We have been made aware of a possible controversy around a recent interview given by some of the on-site team organizers from the ACPySS (Python San Sebastian) to the “Python en español” podcast.
In one section of the interview, addressing ways of improving the Python community, one of the organizers, Manuel Graña, makes statements which can be interpreted in many ways, one of those interpretations being that he feels that DjangoGirls and similar groups are different than the rest of the Python community.
We have addressed this issue with the ACPySS to find out what was really meant with the statements.
It turned out that the statements used in the interview were, unfortunately, very poorly worded. Manuel wanted to raise the valid question why we need separate organizations to address interests of different groups in the community instead of trying to get the community at large to welcome everyone in the same way.
The ACPySS organizers and specifically Manuel himself are very sorry for the misinterpretations and would like to apologize to everyone who felt offended by the podcast.
EuroPython has always been a very open minded conference and we’ve always supported activities which help grow the community, reach out to new community members and help them feel comfortable within the Python community.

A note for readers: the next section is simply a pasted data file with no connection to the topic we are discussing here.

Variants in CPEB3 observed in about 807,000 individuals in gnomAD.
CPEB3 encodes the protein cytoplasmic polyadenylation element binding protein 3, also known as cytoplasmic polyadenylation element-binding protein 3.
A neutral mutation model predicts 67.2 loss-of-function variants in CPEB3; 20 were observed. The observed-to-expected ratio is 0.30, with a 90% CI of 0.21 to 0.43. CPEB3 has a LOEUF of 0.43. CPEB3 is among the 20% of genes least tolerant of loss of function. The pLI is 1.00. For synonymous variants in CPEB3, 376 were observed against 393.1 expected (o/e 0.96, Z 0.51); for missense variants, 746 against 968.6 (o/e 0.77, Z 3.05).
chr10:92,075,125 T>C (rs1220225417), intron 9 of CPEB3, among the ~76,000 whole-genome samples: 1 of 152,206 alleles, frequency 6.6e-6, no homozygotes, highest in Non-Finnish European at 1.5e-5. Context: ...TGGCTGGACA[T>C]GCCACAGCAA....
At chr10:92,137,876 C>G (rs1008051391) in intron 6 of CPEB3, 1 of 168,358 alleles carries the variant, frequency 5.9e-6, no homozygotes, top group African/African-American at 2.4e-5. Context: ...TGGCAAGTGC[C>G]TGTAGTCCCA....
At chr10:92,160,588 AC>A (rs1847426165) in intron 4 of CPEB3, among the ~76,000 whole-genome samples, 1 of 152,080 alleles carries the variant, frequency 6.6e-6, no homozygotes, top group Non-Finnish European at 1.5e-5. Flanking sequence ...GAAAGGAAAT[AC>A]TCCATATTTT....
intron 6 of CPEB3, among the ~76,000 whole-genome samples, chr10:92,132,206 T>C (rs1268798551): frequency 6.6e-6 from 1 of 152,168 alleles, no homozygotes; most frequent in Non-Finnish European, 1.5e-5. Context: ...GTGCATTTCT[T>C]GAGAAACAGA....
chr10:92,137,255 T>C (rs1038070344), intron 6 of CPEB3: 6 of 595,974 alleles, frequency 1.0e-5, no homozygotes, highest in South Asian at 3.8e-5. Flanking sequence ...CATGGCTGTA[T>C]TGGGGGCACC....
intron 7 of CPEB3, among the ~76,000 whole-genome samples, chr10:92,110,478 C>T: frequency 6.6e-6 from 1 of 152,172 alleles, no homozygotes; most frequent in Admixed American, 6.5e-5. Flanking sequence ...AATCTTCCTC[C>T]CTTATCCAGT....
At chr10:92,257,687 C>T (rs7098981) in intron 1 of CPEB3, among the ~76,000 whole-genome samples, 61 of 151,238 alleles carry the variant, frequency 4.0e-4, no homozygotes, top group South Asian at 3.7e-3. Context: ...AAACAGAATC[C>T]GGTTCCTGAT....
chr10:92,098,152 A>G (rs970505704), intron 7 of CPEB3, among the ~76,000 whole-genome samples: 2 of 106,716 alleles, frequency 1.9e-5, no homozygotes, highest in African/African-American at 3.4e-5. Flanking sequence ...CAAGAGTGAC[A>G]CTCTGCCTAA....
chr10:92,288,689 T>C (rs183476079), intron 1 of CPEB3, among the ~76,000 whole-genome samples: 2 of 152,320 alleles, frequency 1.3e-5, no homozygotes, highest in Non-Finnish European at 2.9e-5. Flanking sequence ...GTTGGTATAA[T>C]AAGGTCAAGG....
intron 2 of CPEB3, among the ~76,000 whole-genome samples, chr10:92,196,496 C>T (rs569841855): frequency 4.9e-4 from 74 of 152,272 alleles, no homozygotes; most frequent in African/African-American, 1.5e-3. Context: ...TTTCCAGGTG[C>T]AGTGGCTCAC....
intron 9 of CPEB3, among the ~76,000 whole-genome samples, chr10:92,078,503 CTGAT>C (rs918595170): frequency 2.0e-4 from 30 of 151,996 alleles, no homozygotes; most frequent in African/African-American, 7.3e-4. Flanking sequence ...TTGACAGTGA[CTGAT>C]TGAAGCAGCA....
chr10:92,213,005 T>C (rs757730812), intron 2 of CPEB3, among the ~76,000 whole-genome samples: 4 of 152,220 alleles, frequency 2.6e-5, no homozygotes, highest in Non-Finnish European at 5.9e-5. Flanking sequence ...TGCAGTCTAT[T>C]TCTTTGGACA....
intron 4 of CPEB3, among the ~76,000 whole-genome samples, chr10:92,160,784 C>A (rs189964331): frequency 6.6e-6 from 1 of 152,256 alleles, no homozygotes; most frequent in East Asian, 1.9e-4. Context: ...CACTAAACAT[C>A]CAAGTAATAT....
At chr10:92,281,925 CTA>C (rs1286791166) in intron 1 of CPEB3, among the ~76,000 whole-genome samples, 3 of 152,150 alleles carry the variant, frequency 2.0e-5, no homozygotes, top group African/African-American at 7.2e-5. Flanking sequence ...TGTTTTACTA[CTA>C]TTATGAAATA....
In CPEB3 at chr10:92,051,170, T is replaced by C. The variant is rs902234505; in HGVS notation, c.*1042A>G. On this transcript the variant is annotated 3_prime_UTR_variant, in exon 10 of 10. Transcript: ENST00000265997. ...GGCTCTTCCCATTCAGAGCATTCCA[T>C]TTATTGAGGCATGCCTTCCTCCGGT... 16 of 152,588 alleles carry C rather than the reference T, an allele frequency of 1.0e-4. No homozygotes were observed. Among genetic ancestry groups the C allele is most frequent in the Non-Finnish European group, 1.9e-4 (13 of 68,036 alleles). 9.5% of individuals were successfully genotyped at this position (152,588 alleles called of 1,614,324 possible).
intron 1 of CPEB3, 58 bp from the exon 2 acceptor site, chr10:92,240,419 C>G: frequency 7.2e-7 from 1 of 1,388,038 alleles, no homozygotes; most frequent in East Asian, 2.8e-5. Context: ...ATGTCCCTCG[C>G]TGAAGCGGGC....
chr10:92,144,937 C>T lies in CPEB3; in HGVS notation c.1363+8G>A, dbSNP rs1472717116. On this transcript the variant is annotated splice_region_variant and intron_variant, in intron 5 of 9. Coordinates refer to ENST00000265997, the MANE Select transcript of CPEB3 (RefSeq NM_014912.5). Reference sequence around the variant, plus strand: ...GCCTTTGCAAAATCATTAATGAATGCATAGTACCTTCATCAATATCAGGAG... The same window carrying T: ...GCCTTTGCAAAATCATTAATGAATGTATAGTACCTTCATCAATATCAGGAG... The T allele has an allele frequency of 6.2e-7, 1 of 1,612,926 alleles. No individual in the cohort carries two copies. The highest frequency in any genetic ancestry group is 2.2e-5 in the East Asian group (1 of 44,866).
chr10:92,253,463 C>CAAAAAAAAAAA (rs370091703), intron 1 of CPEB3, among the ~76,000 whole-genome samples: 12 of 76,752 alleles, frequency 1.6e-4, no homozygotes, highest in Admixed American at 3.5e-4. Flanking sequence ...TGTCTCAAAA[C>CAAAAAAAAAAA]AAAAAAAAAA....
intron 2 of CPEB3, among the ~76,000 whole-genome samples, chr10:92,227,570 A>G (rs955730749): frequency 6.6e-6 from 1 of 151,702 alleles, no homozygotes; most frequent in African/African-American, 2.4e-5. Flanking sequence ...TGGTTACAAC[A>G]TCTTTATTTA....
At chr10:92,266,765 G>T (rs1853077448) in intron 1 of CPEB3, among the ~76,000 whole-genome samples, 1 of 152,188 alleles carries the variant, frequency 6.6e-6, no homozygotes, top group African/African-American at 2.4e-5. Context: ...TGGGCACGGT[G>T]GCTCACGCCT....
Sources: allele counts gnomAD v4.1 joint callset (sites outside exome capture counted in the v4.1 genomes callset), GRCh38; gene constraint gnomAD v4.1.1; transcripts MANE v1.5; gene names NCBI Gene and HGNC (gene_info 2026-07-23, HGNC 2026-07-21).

We will strive to pay more attention to possible misinterpretations in the future, to avoid unnecessarily offending people.
For EuroPython 2015 we are already in negotiations with DjangoGirls for a workgroup, with the Raspberry Pi Education program and have reached out to PyLadies to participate as well. More exciting news on this is coming soon.
At the same time, we would like to emphasize that everyone working hard to make EuroPython happen is doing this based on good intentions. Just like we ask the attendees to be nice to each other, we also expect the EuroPython organizers to be treated with the same underlying respect and assumption of having good intentions.
Please all remember that we are one Python community
and we should act as such, regardless of backgrounds, views,
affiliations or motivations. If we want to move Python forward, we have
to do this together.